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ADEPT Library - Case Studies -- Arthur Stevens

Color Coded Key to Decision/Illumination Points in PTAC Cases without Storylines: Procedural and Bias. Insert annotated references as indicated

[Issues: publication venues, order of listing of authors, contribution to articles]

Arthur Stevens, Associate Professor in Mechanical Engineering working in the area of automatic control systems, came up for promotion to full professor after five years in grade. He published 35 articles during his 10 years at the university; 17 of these articles appeared in conference proceedings. One of his articles won a best paper award within an ASME session devoted to novel advances in control of smart structures. Stevens was almost always listed as last author of his collaborative publications, except for two papers listing him as first author. His collaborators were almost all graduate students. He never published an article, book, or conference proceeding as the sole author. He applied for one provisional patent in his sixth year, but did not pursue the full patent agreement when it came to term.

Regarded as a capable, confident teacher who offered a range of required and elective courses needed by the unit, Stevens’ teaching averages on his student evaluations ranged from 3.8 to 4.2 in undergraduate courses and from 4.3 to 4.5 in graduate courses (on a five-point scale). A number of undergraduates remark on evaluations ranging over recent years that Stevens is “very accessible” and an “interesting lecturer” who provides “wonderful illustrations and graphics” to get across his points. Although he has been nominated for his school’s teaching award, he has never received it. He carries the load in teaching courses in his area. Graduate students in his research group attest to his willingness to advise them regarding career prospects in academe and industry. Some students express amazement at his accessibility compared with other faculty.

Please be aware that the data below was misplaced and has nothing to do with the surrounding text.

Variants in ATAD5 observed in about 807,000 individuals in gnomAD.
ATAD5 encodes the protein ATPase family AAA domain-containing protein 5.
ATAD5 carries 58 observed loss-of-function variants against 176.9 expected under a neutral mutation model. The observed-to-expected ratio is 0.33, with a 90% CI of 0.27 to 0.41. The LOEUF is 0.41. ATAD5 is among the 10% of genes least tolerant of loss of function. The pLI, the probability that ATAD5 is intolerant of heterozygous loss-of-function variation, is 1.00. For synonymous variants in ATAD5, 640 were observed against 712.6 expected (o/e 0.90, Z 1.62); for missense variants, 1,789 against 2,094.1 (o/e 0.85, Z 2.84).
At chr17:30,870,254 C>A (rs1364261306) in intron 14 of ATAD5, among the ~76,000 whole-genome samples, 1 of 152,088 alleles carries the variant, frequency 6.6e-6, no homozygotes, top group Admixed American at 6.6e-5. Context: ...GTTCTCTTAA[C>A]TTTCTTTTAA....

Stevens managed to support his research group with a steady funding level of $200,000 per annum average, slightly below department norms. (PTAC survey results on importance of funding as measure of intellectual products). He was a good citizen, serving diligently and effectively on several different school-level committees. As a good deal of his research has commercial application, much of his funding has come from industrial sources. (bias on funding sources, basic versus applied).

Stevens never served on university-level committees, nor did he take leadership roles in scholarly and professional organizations, although his collaborative articles have established his international research reputation in the field; two of the five articles submitted with his promotion dossier were termed “breakthrough” and “now classic” by two external reviewers. One committee member comments that it is her understanding that his field is fairly specialized and small, so it is possible that the reviewers are too familiar with the candidate; she points out that both glowing reviews come from faculty who shared the same graduate institution as Stevens. (best practices on entertaining letters of reference)

Some members of the school-level promotion and tenure committee endorse promoting Stevens to full professor because he is a good citizen and a “good guy.” (bias report on gender) They argue that if he does not get promoted it might upset him and there is no point of that. Others question whether his publication record is adequate for such a promotion. One member is concerned that 17 journal articles in ten years “is not competitive,” as many current applicants who have done post docs already have 5-10. Another member is concerned that only half of Stevens’ papers are from refereed journal articles (best practices on intellectual products; PTAC survey results), while yet another member argues that as the last author, Stevens had little technical input into these papers (add bias report on order of references; PTAC survey findings). As a member of the committee, how would you respond to these concerns and ensure that Stevens receives a fair evaluation?